I am fairly new to reading kanji and grammar, and I just learned that "入る" is pronounced "はい" because it is an okurigana. My question is, are all okurigana pronounced in their "okurigana" way regardless of which hiragana follows the kanji? For instance, are "入う", "入ざ", and "入ふ" all pronounced "はい"?

  • 3
    Just to be clear, you do understand that 入る is pronounced はいる, not just はい alone, right?
    – Leebo
    Commented May 3, 2022 at 18:49

1 Answer 1


You seem to have a fundamental misunderstanding about okurigana.

  • The reading of 入る is はいる.

  • 入る is not an okurigana, but it contains an okurigana which is る.

    kanji👇 okurigana👇

"Okuri" means something like "follow-on; accompanying", and "gana" is kana (katakana/hiragana) in rendaku. Therefore, okurigana only refers to the hiragana part after the kanji part.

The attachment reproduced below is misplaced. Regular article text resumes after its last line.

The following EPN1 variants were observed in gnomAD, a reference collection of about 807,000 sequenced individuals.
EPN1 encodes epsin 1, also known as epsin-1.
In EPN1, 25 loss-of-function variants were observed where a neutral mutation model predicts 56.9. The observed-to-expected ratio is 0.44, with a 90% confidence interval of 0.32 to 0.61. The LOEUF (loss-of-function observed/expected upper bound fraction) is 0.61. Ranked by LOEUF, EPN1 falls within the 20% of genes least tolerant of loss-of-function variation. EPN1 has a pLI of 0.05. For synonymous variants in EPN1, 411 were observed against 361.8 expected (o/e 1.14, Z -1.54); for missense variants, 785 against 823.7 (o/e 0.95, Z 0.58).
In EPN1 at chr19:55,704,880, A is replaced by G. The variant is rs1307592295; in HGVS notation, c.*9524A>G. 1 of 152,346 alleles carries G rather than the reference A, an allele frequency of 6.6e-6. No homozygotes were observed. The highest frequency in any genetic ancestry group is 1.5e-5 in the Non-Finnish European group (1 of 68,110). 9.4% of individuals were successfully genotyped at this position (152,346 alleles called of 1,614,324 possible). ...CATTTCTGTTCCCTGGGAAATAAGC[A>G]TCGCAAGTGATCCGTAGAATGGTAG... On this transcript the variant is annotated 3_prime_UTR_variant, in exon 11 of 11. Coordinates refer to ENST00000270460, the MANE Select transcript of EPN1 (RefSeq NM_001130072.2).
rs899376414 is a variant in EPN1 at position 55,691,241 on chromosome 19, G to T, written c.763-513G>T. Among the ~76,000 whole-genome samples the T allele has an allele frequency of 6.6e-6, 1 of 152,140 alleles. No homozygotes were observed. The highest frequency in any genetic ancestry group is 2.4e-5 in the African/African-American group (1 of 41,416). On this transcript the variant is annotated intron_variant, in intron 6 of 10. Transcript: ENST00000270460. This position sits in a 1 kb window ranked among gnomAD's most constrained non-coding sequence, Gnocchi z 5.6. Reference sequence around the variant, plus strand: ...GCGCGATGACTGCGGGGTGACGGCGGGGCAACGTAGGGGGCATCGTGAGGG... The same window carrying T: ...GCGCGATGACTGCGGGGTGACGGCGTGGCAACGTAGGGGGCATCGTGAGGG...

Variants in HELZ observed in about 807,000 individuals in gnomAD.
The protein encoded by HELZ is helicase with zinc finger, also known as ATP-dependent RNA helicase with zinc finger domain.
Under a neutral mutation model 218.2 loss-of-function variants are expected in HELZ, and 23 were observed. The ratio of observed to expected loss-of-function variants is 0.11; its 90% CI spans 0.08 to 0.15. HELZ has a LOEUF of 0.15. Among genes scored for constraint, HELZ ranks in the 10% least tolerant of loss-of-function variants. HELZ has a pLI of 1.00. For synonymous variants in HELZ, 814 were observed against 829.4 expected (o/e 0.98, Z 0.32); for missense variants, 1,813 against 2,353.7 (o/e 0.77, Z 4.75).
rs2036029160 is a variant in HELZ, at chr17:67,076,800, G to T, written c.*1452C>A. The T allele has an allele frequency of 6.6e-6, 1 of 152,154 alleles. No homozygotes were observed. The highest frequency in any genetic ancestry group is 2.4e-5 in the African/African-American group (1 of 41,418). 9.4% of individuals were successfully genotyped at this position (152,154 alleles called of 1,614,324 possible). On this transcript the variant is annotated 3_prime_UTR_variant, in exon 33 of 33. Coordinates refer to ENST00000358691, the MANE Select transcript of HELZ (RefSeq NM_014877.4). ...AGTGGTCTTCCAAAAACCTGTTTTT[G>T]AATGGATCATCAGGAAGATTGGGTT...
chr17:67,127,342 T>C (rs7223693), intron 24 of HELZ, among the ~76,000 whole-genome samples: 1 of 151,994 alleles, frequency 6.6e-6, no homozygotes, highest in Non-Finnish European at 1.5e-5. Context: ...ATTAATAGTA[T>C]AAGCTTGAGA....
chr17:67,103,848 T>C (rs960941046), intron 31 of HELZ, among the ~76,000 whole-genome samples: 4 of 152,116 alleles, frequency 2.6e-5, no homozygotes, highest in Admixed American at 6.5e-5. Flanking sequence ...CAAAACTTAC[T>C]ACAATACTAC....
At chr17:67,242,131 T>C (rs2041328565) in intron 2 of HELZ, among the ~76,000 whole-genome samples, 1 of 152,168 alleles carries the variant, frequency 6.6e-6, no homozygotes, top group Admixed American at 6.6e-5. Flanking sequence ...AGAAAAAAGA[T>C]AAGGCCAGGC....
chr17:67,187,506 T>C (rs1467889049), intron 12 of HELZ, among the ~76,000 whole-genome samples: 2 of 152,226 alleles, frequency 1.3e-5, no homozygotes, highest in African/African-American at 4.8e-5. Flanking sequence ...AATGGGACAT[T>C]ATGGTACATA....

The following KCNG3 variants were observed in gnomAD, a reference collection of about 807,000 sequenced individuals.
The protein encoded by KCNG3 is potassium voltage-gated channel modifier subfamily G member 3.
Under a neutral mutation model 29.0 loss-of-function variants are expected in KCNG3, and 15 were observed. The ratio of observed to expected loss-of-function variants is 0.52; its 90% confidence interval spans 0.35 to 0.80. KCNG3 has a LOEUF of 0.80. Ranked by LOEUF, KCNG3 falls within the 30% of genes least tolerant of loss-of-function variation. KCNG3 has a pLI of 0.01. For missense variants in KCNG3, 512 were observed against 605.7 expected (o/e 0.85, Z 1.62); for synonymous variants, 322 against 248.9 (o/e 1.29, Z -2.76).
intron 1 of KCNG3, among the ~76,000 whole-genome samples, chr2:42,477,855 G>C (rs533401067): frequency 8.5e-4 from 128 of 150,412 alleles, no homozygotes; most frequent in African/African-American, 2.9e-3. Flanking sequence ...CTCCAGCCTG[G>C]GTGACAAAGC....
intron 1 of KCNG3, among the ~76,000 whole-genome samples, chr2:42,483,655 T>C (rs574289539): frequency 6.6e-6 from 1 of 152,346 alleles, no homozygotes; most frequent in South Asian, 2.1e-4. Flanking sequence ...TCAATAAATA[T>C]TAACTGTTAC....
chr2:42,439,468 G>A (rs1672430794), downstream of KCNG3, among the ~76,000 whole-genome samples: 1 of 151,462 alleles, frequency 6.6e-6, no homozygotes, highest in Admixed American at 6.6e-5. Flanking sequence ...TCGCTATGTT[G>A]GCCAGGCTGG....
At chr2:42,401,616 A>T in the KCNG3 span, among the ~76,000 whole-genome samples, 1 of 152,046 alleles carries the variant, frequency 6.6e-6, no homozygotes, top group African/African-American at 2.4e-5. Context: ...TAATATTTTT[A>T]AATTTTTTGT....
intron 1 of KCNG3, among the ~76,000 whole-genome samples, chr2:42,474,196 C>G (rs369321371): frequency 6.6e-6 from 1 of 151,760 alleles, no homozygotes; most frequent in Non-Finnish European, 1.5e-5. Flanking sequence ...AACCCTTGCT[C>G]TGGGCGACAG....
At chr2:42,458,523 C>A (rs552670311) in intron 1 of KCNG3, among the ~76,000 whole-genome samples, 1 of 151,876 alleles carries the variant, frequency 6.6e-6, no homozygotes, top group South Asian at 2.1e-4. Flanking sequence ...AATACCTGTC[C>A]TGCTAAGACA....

Basically an okurigana is there to indicate the conjugation of the verb.

  • = はいる: enter (plain)
  • ります = はいります: enter (polite)
  • った = はいった: entered (past)
  • = はいれ: Enter! (imperative)
  • ろう = はいろう: Let's enter (volitional)

The okurigana is the hiragana in bold. The kanji part is consistently read as はい. This means there is only a finite number of okurigana patterns, and you cannot use a random hiragana as an okurigana. Simply, 入う, 入ざ and 入ふ are all invalid combinations meaning nothing.

If you are still confused, think that a kanji is like an emoji with a meaning. For example, 😆 = 笑 = "laugh" and 🕺🏽 = 踊 = "danc(e)". Okurigana refers to a short fragment that follows them to indicate a conjugation of the verb.

  • 😆ing = laughing
  • っている = laughing
  • 😆ed = laughed
  • った = laughed
  • 🕺🏽ing = dancing
  • っている = dancing
  • 🕺🏽ed = danced
  • った = danced
  • 😆baz (invalid, meaning nothing)

And these "ing" and "ed" correspond to the okurigana. The 😆 part itself is pronounced the same way.

Note that most i-adjectives and some adverbs/nouns have okurigana, too. Still, okurigana always refers to only the hiragana part.

  • 1
    I think it would be better if you used "danc" instead of "dance."
    – Jimmy Yang
    Commented May 4, 2022 at 6:24

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